This is an excerpt from Elliot Hue Published June 12 in the Personal Finance Weekly ” Green Shoots Must Bloom” describing where the markets stand today. I couldn’t have said it better myself so I won’t try.

“Two basic fundamental factors have driven the 40 percent run-up in the S&P 500 off its March lows. First, as the credit crunch eased earlier this year it became obvious that the recent economic downturn was in fact a severe recession, not a second Great Depression. The market rallied at first because this worst-case scenario was discounted as highly unlikely.

The second phase of the rally has been driven by green shoots–signs of economic improvement such as the retail sales, initial claims and Beige Book data. The rally has been dramatic because stocks were trading at stretched levels on the downside back in March; a great deal of bad news was priced into the market at that time.


But if this rally is to continue we’ll need to see more evidence that these green shoots are resulting in actual economic growth. After all, there’s a big difference between stabilization in the rate of economic decline and actual economic growth. This week’s retail data suggests that some of these green shoots are already flowering, but there will undoubtedly be some noise in future data. Not every economic release will be better than expected this summer.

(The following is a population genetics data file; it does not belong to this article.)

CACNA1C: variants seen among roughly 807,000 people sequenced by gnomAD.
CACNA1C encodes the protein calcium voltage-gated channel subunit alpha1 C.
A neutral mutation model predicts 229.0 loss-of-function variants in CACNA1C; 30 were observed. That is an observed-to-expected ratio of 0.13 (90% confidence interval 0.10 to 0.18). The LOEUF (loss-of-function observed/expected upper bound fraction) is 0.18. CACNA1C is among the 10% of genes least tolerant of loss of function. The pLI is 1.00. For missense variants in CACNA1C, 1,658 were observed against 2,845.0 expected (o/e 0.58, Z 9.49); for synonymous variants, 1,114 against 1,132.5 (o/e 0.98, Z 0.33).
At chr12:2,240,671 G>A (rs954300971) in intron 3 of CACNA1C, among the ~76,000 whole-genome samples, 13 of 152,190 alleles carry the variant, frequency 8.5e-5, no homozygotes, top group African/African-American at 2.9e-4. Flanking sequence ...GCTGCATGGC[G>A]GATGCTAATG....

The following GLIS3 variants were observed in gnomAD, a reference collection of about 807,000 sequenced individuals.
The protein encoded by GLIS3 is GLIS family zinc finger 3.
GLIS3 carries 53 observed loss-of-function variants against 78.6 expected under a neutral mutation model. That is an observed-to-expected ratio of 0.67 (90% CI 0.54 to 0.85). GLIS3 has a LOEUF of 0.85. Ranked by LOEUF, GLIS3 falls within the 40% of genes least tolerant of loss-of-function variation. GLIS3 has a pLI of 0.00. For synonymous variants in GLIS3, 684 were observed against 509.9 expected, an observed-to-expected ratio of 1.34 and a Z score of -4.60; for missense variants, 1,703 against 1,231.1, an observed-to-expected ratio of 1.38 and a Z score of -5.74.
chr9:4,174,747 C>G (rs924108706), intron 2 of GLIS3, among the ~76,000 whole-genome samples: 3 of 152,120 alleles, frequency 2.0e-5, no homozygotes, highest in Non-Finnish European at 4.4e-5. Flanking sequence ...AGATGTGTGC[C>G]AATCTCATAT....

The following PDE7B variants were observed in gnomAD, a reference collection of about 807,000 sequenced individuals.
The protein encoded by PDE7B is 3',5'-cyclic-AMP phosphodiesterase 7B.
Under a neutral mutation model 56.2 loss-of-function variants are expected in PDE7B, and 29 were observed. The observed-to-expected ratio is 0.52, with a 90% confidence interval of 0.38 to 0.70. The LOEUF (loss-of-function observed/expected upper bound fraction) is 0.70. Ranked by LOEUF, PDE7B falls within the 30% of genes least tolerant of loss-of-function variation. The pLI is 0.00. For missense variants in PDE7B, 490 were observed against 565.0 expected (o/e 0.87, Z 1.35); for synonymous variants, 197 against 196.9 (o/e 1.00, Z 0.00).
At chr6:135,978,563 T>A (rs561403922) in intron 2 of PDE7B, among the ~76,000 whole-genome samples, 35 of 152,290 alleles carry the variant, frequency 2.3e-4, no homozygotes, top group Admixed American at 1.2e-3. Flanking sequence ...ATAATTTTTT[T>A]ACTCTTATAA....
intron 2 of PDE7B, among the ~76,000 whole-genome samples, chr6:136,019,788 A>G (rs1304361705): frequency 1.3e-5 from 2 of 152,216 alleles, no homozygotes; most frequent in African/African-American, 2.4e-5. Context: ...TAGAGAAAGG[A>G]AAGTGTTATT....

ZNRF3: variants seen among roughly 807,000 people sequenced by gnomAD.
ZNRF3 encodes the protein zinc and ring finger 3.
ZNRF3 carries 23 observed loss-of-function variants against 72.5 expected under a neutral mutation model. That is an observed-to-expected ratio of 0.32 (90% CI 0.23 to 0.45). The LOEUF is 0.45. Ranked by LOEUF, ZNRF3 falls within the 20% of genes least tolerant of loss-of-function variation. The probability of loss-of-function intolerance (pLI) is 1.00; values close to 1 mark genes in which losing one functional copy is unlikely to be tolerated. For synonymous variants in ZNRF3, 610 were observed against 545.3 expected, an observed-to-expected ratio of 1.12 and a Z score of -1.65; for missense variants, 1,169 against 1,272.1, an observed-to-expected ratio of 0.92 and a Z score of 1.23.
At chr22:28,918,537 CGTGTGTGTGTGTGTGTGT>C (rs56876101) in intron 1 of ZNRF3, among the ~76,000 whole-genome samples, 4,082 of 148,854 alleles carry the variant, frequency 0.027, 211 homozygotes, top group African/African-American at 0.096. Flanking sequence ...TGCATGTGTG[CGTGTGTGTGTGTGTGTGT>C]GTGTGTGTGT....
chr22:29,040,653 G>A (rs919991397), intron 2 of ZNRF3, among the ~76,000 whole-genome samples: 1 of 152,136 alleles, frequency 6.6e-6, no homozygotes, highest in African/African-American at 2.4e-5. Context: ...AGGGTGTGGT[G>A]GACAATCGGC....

Many fund managers are still underinvested in the market and are sitting on relatively large cash allocations. These managers are feeling left behind as the market steadily rises; this is why every minor dip in the averages seems to attract buyers by the end of the session. I suspect we’ll see managers look to window-dress their portfolios between now and the end of the second quarter. These institutional players will want to buy winning stocks for their portfolios before the quarter is over.

But as we move into the third quarter, the odds of a significant pullback in the broader averages rise. Noise in economic data might be the catalyst, or it could simply be a matter of investors taking some profits off the table after a major March-through-June run-up in stocks. Historically speaking, corrections of 5 to 10 percent are common when the market recovers from major bear market lows. Such pullbacks ultimately make for excellent buying opportunities, though in the short run these declines can be scary.”

Elliot Hue

The NASD and S&P weekly Candlestick Charts



Let’s Review the Swing Trade Portfolio:


Here is what how the indices have performed year to date:


Started Week

Ended Week


% Change














S&P 500






Russell 2000






Current Market Strategy…

Remember to be Patient. We be selective with our trades and hedge our portfolio as a whole. We will be investing more defensively until this uncertainty cloud disappears. As always be patient and remember, capital preservation our number #1 goal in these market conditions.  We will continue to look for selective trading opportunities split between our short trades, swing trades, and long-term investments.